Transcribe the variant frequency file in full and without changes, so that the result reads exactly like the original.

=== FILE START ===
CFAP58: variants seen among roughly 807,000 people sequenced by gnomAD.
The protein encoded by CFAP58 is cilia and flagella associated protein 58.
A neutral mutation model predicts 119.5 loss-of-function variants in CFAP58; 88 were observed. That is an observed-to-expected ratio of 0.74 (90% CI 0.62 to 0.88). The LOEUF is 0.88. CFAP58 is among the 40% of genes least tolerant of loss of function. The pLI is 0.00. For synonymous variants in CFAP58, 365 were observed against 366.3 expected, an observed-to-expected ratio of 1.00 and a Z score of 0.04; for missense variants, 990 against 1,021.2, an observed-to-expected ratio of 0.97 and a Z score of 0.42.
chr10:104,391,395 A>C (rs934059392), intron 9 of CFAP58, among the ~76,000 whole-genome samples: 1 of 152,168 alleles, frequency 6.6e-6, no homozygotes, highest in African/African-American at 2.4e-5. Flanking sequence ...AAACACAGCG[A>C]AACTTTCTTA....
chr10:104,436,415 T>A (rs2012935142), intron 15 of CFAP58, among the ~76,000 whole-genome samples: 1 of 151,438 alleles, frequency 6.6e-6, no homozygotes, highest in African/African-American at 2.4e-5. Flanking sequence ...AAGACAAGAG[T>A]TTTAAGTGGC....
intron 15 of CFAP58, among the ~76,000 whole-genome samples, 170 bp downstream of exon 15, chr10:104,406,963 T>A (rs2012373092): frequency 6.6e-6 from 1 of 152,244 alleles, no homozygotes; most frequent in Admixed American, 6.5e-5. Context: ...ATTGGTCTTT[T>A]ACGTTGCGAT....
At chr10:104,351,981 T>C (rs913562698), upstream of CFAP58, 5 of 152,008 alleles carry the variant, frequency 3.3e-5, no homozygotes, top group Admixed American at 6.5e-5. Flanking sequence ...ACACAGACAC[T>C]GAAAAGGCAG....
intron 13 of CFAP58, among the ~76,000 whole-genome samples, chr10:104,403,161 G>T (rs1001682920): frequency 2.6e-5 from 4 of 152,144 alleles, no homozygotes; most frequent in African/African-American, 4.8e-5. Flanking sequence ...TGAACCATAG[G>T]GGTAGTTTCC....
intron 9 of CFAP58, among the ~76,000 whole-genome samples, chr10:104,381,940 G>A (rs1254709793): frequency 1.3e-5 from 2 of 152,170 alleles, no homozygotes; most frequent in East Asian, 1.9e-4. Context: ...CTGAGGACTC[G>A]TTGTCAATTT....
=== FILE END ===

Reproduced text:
CFAP58: variants seen among roughly 807,000 people sequenced by gnomAD.
The protein encoded by CFAP58 is cilia and flagella associated protein 58.
A neutral mutation model predicts 119.5 loss-of-function variants in CFAP58; 88 were observed. That is an observed-to-expected ratio of 0.74 (90% CI 0.62 to 0.88). The LOEUF is 0.88. CFAP58 is among the 40% of genes least tolerant of loss of function. The pLI is 0.00. For synonymous variants in CFAP58, 365 were observed against 366.3 expected, an observed-to-expected ratio of 1.00 and a Z score of 0.04; for missense variants, 990 against 1,021.2, an observed-to-expected ratio of 0.97 and a Z score of 0.42.
chr10:104,391,395 A>C (rs934059392), intron 9 of CFAP58, among the ~76,000 whole-genome samples: 1 of 152,168 alleles, frequency 6.6e-6, no homozygotes, highest in African/African-American at 2.4e-5. Flanking sequence ...AAACACAGCG[A>C]AACTTTCTTA....
chr10:104,436,415 T>A (rs2012935142), intron 15 of CFAP58, among the ~76,000 whole-genome samples: 1 of 151,438 alleles, frequency 6.6e-6, no homozygotes, highest in African/African-American at 2.4e-5. Flanking sequence ...AAGACAAGAG[T>A]TTTAAGTGGC....
intron 15 of CFAP58, among the ~76,000 whole-genome samples, 170 bp downstream of exon 15, chr10:104,406,963 T>A (rs2012373092): frequency 6.6e-6 from 1 of 152,244 alleles, no homozygotes; most frequent in Admixed American, 6.5e-5. Context: ...ATTGGTCTTT[T>A]ACGTTGCGAT....
At chr10:104,351,981 T>C (rs913562698), upstream of CFAP58, 5 of 152,008 alleles carry the variant, frequency 3.3e-5, no homozygotes, top group Admixed American at 6.5e-5. Flanking sequence ...ACACAGACAC[T>C]GAAAAGGCAG....
intron 13 of CFAP58, among the ~76,000 whole-genome samples, chr10:104,403,161 G>T (rs1001682920): frequency 2.6e-5 from 4 of 152,144 alleles, no homozygotes; most frequent in African/African-American, 4.8e-5. Flanking sequence ...TGAACCATAG[G>T]GGTAGTTTCC....
intron 9 of CFAP58, among the ~76,000 whole-genome samples, chr10:104,381,940 G>A (rs1254709793): frequency 1.3e-5 from 2 of 152,170 alleles, no homozygotes; most frequent in East Asian, 1.9e-4. Context: ...CTGAGGACTC[G>A]TTGTCAATTT....